If you were a child of the ’80s like myself, you will remember Thundercats. Ohboyohboyohboy, Thundercats was fantastic. It had everything you could want in a cartoon series: action, cool characters, a brilliantly scary bad guy, Cheetara (although perhaps only later was that quite so appealing). And, of course, it had that theme tune. For these who can’t remember, this is how every episode of Thundercats started off:
I mean, honestly. Everything about that (well, apart from Snarf) just screams excitement, adventure and other cool things. Even now just watching it makes me tingle weirdly inside, and not just from the sight of Cheetara doing all those gymnastics.
Thundercats was pretty massive in the 80s; perhaps not up to the popularity levels of Transformers or Teenage Mutant Ninja Turtles, but certainly there weren’t many kids who hadn’t watched it or owned some of the toys. And, of course, in the 1980s where there was a successful cartoon series and toy line, there was also a home computer platformer.
To give it it’s due, for the standards of the time this wasn’t an awful game, it was just – in the context of the show – utterly, utterly disappointing. Just go and watch that intro sequence again. Go on, I’ll wait for you. Now watch this:
I mean, honestly. It’s just shit, isn’t it? How disappointed would a 10-year-old boy be having rushed back from the shops tape in hand, to sit around waiting for the game to load for 30 minutes only to be confronted with this? Well, as one of those 10-year-old boys (at the time. Not now, obviously) I can tell you: very.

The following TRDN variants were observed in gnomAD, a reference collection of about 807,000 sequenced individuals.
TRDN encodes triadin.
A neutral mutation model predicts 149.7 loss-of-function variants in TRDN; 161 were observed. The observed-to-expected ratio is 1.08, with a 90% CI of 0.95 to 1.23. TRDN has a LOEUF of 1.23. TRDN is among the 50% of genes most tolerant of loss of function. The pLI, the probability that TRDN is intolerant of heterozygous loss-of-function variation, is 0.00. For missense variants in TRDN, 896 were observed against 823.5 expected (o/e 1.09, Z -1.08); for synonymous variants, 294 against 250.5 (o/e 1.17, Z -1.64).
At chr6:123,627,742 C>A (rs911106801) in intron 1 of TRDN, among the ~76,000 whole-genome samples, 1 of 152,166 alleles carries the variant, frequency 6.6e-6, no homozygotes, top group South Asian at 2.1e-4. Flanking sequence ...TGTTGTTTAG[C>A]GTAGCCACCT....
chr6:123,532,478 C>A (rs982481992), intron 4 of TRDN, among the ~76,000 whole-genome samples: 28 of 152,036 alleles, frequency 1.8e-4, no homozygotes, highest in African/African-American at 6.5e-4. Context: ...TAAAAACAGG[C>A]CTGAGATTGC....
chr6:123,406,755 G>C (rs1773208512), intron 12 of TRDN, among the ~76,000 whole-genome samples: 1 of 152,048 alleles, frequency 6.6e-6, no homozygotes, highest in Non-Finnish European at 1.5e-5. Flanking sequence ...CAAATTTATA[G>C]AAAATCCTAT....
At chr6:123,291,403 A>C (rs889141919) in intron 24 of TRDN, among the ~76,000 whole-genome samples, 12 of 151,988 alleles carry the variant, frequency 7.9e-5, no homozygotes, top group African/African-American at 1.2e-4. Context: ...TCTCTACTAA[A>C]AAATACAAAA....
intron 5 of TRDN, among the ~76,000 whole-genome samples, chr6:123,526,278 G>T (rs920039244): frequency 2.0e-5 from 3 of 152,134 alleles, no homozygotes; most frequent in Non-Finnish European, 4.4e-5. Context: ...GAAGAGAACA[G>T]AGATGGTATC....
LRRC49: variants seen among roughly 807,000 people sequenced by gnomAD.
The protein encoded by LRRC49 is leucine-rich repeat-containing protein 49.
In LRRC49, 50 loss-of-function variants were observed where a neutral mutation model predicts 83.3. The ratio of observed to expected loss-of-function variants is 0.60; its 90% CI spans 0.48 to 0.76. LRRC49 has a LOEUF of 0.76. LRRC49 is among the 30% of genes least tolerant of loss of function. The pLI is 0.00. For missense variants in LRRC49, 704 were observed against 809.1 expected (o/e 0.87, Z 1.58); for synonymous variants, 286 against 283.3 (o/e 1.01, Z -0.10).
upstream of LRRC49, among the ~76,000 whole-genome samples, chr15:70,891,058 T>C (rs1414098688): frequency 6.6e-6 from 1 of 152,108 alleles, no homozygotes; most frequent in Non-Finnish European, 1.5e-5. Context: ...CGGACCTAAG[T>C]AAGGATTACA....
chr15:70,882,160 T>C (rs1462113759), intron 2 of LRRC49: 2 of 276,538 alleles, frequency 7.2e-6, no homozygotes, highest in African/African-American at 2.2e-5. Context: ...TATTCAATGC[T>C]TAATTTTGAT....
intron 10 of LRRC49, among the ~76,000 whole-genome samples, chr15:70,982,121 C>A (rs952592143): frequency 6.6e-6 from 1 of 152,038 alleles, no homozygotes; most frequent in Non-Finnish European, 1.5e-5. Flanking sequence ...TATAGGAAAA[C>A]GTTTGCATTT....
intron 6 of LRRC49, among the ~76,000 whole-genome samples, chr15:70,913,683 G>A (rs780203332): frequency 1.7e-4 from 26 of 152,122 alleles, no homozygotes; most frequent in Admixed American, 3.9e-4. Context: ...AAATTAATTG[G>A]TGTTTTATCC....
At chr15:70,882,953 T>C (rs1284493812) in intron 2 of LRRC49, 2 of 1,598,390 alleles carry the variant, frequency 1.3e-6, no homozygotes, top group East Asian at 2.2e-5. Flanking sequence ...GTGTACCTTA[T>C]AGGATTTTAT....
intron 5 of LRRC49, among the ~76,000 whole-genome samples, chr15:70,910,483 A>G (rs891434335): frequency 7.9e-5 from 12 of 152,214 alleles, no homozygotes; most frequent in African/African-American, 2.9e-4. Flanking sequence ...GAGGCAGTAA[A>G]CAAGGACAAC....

The game, released by Elite Software is a clumsy mess of a title, with stupidly high difficulty, frustrating controls and an utter lack of purpose. There’s a bit of variety with some of the glider sections, but these are so difficult to control and play they make those infamous tunnel bits in Battletoads seem forgiving in comparison. In the quick emulated replay I did for this post, I couldn’t get far enough to get to one of these bits, but luckily the nice people over at MobyGames haven’t lost all of the muscle memory they accrued for the title, so there’s a screenshot below. Looks great, doesn’t it? No. No is the answer.
It’s only whilst writing this that, having stumbled upon the Wikipedia entry for the game, I discovered that this was never meant to actually be a Thundercats title, but is actually a hastily-reskinned game called Samurai Dawn. This goes some way to explaining why it just isn’t very Thundercats-y, some graphical motifs aside.
Ultimately, Thundercats is not a very good computer game. Okay, okay: this was 1987 and standards were different then and, perhaps, nothing could really come close to the expectations I had from the cartoon. But still, the license deserved better. And still does, really. A quick Google suggests that the only other released game based on the franchise is a 2012 Nintendo DS game, which takes its cues from the prematurely-cancelled 2011 cartoon reboot (which, incidentally, if you haven’t watched then you should: it’s great) and, apparently, is also shit. Jaga will be turning in his grave.